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Trade liberalization in the bio-economy: coping with a new landscape

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  • Jean-Christophe Bureau
  • Sébastien Jean

Abstract

Multilateral trade liberalization has made little progress over the last period, but preferential agreements have multiplied. Recent economic literature helps to understand the current negotiation game. New economic and political conditions, in particular the gaining influence of emerging countries, make a multilateral agreement more difficult. Developed countries have given up many of their bargaining chips in previous rounds of negotiation and their remaining agricultural tariffs are not sufficient for extracting the concessions from emerging countries on services, procurement, and intellectual property that would make an agreement possible. The risk of a more fragmented world calls for a revised negotiation agenda and a change in the status of developing countries. Research issues are outlined in order to help revitalize the Doha negotiation agenda.
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Suggested Citation

  • Jean-Christophe Bureau & Sébastien Jean, 2013. "Trade liberalization in the bio-economy: coping with a new landscape," Agricultural Economics, International Association of Agricultural Economists, vol. 44(s1), pages 173-182, November.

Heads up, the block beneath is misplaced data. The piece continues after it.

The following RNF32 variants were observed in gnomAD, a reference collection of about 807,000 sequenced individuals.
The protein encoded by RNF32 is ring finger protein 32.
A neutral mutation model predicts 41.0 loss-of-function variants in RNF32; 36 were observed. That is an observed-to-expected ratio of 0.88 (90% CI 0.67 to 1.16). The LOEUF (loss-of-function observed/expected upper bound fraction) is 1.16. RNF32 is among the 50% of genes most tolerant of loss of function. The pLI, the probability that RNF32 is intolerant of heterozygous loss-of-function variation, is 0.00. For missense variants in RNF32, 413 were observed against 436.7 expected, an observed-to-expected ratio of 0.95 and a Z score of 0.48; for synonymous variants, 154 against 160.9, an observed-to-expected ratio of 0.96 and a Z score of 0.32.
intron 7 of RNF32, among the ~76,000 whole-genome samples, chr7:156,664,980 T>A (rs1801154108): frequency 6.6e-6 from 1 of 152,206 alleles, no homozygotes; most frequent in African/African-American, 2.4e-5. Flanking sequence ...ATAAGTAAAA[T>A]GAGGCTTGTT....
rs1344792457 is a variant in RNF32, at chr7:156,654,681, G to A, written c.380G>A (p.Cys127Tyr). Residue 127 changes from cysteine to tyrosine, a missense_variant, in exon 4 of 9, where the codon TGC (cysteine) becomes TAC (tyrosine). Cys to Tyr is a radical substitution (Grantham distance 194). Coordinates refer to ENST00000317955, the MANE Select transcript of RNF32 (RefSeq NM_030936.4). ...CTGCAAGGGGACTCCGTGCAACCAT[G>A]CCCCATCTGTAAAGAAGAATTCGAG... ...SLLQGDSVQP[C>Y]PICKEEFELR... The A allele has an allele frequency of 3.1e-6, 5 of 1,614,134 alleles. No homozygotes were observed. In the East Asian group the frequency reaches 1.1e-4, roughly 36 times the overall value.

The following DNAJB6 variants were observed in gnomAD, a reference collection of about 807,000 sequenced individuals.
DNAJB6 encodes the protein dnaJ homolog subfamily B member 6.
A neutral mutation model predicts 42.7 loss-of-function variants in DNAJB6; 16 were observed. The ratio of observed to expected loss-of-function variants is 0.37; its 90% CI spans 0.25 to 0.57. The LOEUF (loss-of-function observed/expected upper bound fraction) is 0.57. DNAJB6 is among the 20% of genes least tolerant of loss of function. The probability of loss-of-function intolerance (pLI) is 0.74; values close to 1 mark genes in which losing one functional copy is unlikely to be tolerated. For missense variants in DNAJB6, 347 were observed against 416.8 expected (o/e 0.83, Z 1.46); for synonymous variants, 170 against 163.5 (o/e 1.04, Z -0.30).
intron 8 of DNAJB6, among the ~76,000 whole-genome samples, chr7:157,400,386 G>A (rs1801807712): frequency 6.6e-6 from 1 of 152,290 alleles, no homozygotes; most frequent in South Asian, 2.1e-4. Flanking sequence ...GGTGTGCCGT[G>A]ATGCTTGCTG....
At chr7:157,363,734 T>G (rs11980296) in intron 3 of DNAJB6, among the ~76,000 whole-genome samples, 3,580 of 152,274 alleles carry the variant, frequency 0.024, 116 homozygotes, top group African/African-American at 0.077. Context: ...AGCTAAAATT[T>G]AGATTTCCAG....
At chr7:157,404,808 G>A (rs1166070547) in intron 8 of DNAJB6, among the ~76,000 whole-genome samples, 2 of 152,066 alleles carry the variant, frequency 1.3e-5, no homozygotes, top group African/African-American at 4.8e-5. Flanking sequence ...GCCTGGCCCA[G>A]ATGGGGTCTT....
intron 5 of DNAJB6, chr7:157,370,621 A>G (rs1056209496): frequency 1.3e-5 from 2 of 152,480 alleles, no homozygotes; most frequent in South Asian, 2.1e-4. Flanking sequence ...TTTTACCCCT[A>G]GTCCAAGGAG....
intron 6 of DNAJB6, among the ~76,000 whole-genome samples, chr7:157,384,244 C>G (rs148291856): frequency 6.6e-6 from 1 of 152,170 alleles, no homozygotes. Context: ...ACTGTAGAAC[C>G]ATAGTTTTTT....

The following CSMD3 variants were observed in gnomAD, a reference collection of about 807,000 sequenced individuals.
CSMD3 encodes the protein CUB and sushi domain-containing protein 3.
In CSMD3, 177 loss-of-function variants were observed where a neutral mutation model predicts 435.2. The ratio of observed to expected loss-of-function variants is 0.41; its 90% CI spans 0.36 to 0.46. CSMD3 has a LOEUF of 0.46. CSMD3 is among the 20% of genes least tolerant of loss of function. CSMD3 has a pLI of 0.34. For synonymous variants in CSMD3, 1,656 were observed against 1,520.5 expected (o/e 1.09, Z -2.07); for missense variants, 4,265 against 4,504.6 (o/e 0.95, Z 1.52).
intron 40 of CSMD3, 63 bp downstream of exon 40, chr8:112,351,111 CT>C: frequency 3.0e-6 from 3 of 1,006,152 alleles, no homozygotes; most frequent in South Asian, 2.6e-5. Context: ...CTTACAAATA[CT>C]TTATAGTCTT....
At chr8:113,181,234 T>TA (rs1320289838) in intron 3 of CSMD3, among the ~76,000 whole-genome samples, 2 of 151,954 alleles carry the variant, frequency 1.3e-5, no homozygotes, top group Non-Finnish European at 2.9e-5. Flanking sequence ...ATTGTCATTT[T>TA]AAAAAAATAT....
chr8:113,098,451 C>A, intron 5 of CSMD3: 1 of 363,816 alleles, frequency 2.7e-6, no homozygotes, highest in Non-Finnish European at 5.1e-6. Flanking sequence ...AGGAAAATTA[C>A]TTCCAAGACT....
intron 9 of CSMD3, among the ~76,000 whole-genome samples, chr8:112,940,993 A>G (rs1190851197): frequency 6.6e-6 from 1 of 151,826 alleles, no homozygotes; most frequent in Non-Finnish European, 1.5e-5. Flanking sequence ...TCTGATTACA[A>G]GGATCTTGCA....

• Handle: RePEc:bla:agecon:v:44:y:2013:i:s1:p:173-182
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    File URL: http://hdl.handle.net/10.1111/agec.2013.44.issue-s1
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    Cited by:

    1. Jean-Christophe Bureau & Thorsten Rogall, 2017. "EU Policies and Global Food Security," LICOS Discussion Papers 39217, LICOS - Centre for Institutions and Economic Performance, KU Leuven.
    2. Decreux, Yvan & Fontagné, Lionel, 2015. "What Next for Multilateral Trade Talks? Quantifying the Role of Negotiation Modalities," World Trade Review, Cambridge University Press, vol. 14(01), pages 29-43, January.

    More about this item

    JEL classification:

    • Q17 - Agricultural and Natural Resource Economics; Environmental and Ecological Economics - - Agriculture - - - Agriculture in International Trade
    • F10 - International Economics - - Trade - - - General
    • F51 - International Economics - - International Relations, National Security, and International Political Economy - - - International Conflicts; Negotiations; Sanctions

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